In some selection processes, candidates are asked to provide reference letters. These are the only documents which give third party opinions of the candidate, highlighting their competences, knowledge and experience. Who should write your reference letter? In this article we will present some criteria you should consider when choosing your referees!
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When starting to acquire reference letters, one of the first questions which comes into a candidate’s head is: who should I request the recommendation letters from? In order to assist them in this process, five criteria are recommended, which may help the candidate make the correct decision.
The first criterion to be considered when selecting a referee is the person’s capacity to provide relevant information about the candidate. You should select referees who know you well, have knowledge of your work and, therefore, are able to share your knowledge, competences and experience in detail.
The second criterion for selecting a referee is looking for a diversity of perspectives, allowing the assessor to gain a broad overview of your professional and academic experience. You should select people who can provide different, but complementary, points of view (for example, work, university and voluntary work, etc.).
The third important criterion is the selection of a referee you are sure has positive information about you. If possible, do not risk requesting a reference letter from a supervisor or boss with whom you have had disagreements in the past or you know does not hold a high opinion of you. In other words, only ask for reference letters from people with whom you have a relationship of trust.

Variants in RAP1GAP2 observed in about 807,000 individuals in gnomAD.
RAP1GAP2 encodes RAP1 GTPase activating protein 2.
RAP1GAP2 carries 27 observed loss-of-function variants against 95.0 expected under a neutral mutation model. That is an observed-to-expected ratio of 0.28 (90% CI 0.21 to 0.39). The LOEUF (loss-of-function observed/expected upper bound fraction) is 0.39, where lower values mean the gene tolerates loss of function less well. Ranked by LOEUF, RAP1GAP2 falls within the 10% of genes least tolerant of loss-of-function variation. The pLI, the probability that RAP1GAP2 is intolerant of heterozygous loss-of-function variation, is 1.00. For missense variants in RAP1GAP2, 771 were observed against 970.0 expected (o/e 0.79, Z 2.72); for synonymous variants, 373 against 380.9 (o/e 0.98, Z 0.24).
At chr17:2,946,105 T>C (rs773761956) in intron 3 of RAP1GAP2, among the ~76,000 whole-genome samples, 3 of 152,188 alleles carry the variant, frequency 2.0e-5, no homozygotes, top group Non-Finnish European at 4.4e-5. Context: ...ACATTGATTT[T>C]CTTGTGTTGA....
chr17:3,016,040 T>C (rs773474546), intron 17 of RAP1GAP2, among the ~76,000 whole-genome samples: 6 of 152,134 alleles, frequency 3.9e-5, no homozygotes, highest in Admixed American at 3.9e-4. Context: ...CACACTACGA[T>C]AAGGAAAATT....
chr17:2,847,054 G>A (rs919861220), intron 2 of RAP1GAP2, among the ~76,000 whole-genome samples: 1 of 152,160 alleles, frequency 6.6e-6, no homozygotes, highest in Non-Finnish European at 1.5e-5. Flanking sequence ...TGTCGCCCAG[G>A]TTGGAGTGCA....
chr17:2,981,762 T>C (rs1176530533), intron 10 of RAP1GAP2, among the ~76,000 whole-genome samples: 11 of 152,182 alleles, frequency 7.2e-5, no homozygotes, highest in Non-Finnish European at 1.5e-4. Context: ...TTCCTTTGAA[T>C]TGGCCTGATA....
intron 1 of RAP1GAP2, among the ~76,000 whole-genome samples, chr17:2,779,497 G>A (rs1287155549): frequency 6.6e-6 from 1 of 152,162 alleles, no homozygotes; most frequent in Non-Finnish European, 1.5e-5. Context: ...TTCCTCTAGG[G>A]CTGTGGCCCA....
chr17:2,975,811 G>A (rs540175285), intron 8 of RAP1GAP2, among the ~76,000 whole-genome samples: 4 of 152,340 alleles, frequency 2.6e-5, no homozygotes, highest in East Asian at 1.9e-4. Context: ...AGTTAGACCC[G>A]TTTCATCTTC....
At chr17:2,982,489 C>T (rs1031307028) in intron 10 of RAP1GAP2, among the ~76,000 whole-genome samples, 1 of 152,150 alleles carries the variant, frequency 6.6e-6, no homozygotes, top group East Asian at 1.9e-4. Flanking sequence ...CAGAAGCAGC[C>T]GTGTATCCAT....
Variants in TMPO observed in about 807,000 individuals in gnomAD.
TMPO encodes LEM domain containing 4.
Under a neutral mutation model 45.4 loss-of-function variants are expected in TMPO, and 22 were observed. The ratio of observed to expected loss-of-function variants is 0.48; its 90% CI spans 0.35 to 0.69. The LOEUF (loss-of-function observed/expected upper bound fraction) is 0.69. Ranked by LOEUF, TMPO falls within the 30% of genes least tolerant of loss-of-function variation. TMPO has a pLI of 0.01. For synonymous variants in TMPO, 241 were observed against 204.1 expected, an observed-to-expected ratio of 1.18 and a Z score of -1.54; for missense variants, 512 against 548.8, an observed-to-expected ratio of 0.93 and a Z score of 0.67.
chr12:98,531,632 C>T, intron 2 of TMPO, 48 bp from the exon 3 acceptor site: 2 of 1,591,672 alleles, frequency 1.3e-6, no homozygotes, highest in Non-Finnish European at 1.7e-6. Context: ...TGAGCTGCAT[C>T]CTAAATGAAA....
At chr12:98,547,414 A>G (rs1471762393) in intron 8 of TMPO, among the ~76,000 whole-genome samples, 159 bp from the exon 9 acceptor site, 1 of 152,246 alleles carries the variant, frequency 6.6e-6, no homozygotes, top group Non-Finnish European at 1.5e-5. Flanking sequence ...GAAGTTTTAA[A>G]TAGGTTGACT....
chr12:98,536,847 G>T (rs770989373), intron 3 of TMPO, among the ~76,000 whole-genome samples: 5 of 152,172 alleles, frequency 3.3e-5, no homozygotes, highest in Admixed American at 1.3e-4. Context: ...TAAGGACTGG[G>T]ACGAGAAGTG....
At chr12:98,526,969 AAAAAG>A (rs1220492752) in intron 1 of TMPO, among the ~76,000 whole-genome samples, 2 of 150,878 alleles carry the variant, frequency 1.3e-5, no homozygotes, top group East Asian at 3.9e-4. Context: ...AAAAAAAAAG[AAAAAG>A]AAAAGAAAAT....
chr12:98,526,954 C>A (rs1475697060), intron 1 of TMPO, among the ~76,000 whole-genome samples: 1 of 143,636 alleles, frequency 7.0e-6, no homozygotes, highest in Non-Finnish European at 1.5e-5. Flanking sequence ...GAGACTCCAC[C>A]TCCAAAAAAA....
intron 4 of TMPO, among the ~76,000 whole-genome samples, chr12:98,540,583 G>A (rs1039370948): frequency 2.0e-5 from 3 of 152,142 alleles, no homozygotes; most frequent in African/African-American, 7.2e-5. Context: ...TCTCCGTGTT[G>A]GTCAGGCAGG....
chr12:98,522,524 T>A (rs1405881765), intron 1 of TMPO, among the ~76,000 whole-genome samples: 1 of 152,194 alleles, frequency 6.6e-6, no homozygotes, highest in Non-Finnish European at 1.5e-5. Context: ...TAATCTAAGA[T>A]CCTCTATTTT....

The fourth criterion is your referee’s availability. It is important that you are sure that the person selected as your referee will have the time to write the letter and will not miss the established program deadline.
The last criterion is, if possible, look for someone who is recognized in a specific area or field. It is important to note that the recommendation letter draws on the logical principle of an argument from authority, that is to say that when an individual who is a specialist in a specific area makes statements about something or someone, it is presumed that they are true.
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